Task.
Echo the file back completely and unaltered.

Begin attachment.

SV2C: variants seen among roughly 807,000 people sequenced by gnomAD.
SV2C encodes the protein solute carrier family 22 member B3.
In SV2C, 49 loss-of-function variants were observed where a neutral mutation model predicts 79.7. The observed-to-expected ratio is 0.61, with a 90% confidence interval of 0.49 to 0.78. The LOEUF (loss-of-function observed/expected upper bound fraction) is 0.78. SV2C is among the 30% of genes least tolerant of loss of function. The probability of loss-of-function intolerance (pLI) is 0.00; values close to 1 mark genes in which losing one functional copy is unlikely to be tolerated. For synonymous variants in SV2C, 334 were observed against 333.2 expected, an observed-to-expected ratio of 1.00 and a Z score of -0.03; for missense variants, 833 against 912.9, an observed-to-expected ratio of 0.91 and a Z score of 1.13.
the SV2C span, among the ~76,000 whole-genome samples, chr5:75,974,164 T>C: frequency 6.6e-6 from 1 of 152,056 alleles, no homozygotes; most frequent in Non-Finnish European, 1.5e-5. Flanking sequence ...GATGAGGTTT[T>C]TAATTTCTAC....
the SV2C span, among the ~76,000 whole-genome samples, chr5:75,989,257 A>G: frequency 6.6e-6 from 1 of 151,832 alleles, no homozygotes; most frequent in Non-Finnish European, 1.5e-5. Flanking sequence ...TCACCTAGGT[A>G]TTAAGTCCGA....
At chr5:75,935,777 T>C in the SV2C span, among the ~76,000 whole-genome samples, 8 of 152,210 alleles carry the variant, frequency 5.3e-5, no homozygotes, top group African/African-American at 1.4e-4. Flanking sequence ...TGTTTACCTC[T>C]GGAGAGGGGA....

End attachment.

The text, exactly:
SV2C: variants seen among roughly 807,000 people sequenced by gnomAD.
SV2C encodes the protein solute carrier family 22 member B3.
In SV2C, 49 loss-of-function variants were observed where a neutral mutation model predicts 79.7. The observed-to-expected ratio is 0.61, with a 90% confidence interval of 0.49 to 0.78. The LOEUF (loss-of-function observed/expected upper bound fraction) is 0.78. SV2C is among the 30% of genes least tolerant of loss of function. The probability of loss-of-function intolerance (pLI) is 0.00; values close to 1 mark genes in which losing one functional copy is unlikely to be tolerated. For synonymous variants in SV2C, 334 were observed against 333.2 expected, an observed-to-expected ratio of 1.00 and a Z score of -0.03; for missense variants, 833 against 912.9, an observed-to-expected ratio of 0.91 and a Z score of 1.13.
the SV2C span, among the ~76,000 whole-genome samples, chr5:75,974,164 T>C: frequency 6.6e-6 from 1 of 152,056 alleles, no homozygotes; most frequent in Non-Finnish European, 1.5e-5. Flanking sequence ...GATGAGGTTT[T>C]TAATTTCTAC....
the SV2C span, among the ~76,000 whole-genome samples, chr5:75,989,257 A>G: frequency 6.6e-6 from 1 of 151,832 alleles, no homozygotes; most frequent in Non-Finnish European, 1.5e-5. Flanking sequence ...TCACCTAGGT[A>G]TTAAGTCCGA....
At chr5:75,935,777 T>C in the SV2C span, among the ~76,000 whole-genome samples, 8 of 152,210 alleles carry the variant, frequency 5.3e-5, no homozygotes, top group African/African-American at 1.4e-4. Flanking sequence ...TGTTTACCTC[T>C]GGAGAGGGGA....